Increasing risk appetite and time horizons, and reducing home market bias The geographical and asset allocation preferences of global sovereign investors are also indicative of their current risk appetite and time horizons, and bias towards their home market.
In 2012, sovereign investors increasing new asset placements in alternatives typically cited a decrease in equities and global fixed income. Similarly, those increasing new exposure to emerging markets were typically decreasing exposure to developed markets. Yet in 2013, these dynamic changed and those increasing new allocations to alternatives Instead decreased their allocation to home-market fixed income or cash, rather than global fixed income or equities. In fact, home market and global equity allocations increased on a net respondent view basis [Figure 1]. This uplift in equities is especially visible amongst Asian based sovereign investors, with 42% expecting to increase allocations to global equities in 2014 compared to 25% in 2013, on a net respondent view basis.
An average increase In target returns and lengthening of time horizons can also be observed in this year's study, which is consistent with Increasing exposure to risk assets like equities [Figures 6 and 7]. Furthermore, those increasing new assets in emerging markets In 2013 typically cited a decrease In home market allocations rather than developed markets, with 11% of sovereign investors having reduced home market allocations In 2013 on a net respondent view basis [see Figure 3].
Nick Totchard commented: "Home market allocations usually account for a significant percentage of a sovereign investor portfolio - 42% on average across all sovereign investors in 2013 - so this globalisatlon is an important change. If allocations fo home markets continue to decrease, we could see sovereign investors continue increasing exposure fo both emerging markets and developed markets simultaneously. It will be interesting to see how this plays out amongst sovereign investors over the course of this year and how this continues to impact on global capital."
Nick Toichard concluded: "Sovereign investors are likely to fake on a major role in shaping the global economy moving forward so it's essential we remain well informed on their evolving behavioural trends. By commissioning this in-depth study on an annual basis, we're able to develop a much deeper understanding about what drives the Now of sovereign investor capital. This year's findings Indicate short-term trends are driven by long-term strategic thinking, and emerging markets and alternatives are becoming firm fixtures in sovereign Investors' strategic asset allocations, despite a deep-rooted faith in developed markets that still remains. it's this Information that proves invaluable fo the industry's understanding of sovereign investors across the globe and to the development of the right solutions to meet their varying needs."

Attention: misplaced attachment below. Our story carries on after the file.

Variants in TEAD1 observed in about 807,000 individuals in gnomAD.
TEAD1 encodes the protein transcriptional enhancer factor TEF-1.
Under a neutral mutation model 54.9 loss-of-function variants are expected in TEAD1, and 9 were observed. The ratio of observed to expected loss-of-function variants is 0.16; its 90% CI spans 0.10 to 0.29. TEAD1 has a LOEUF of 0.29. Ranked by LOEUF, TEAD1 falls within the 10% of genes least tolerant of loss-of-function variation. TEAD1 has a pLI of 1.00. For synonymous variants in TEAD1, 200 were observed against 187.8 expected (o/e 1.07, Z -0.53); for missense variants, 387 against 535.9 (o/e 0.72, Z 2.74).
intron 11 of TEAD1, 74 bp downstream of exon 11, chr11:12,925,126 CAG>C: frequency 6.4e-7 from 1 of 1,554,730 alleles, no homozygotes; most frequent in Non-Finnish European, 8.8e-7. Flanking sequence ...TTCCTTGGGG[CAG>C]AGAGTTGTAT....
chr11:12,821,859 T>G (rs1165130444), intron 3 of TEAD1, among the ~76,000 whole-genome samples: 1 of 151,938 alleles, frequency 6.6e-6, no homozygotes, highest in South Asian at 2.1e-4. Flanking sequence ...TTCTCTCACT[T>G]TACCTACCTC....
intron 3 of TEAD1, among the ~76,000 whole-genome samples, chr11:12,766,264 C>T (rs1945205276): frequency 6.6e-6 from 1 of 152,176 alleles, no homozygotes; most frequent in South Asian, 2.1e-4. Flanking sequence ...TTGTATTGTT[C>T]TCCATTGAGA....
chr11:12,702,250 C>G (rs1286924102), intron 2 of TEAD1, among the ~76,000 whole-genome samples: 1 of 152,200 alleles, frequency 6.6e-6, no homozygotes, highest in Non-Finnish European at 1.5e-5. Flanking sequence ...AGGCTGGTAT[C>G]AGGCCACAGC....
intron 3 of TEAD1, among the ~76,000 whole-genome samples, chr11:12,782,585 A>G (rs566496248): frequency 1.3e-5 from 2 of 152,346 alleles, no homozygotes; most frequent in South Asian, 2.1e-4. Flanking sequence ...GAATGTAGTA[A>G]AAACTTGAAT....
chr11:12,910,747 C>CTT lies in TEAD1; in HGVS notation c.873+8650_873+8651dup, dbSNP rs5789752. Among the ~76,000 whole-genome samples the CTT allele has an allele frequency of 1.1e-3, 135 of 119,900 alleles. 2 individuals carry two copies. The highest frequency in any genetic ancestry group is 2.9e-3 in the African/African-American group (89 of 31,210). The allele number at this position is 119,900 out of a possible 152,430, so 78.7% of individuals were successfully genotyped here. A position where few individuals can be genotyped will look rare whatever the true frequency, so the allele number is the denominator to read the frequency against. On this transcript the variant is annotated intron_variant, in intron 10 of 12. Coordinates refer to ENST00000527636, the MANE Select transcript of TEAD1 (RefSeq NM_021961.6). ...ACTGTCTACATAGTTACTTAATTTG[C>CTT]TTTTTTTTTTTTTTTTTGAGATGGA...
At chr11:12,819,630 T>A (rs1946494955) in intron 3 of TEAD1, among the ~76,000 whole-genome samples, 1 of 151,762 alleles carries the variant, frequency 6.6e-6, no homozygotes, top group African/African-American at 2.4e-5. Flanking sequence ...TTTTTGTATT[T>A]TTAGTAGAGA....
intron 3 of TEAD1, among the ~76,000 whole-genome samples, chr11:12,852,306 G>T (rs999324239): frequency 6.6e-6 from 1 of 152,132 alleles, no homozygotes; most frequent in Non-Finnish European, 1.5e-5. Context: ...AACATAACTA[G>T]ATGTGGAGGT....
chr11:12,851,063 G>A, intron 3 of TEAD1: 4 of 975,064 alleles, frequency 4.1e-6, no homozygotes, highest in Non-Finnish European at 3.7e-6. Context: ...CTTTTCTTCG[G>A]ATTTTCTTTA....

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Notes to Editors:
Figures have been calculated relative to the total portfolio on a ‘net respondent view’ basis
*This is Invesco’s second sovereign asset management study. In 2014 we conducted interviews with 52 different sovereign investors compared to 38 in 2013 with significant increases in our coverage of liability sovereigns and of Asia and the Middle East regions. Throughout the report we present 2014 results based on the 52 interviews and 2013 results based on 38 interviews. However we have also validated our findings using ‘common cohort’ analysis of the 31 interviews conducted with the same firms in both years. The breakdown of the 2014 interview sample split by three core segmentation parameters (sovereign investor profile, region and size of FUM) is displayed in figures 26 to 28.
**Sourced by NMG Consulting: total assets of those sampled stands at $5.7 trillion as at 31 December 2013.
***Strategic Asset Allocation is defined as investment strategy that involves setting target allocations for various asset classes, while Tactical Asset Allocation is defined as an active portfolio strategy that rebalances asset classes which fall by the wayside.
In this study Invesco defines sovereign investors as state-owned investors, which includes: standalone Sovereign Wealth Funds (SWFs), state pension funds, Central Banks and government ministries. The Invesco Global Sovereign Investor Model bases its segmentation on investment objectives and outlines four key profiles.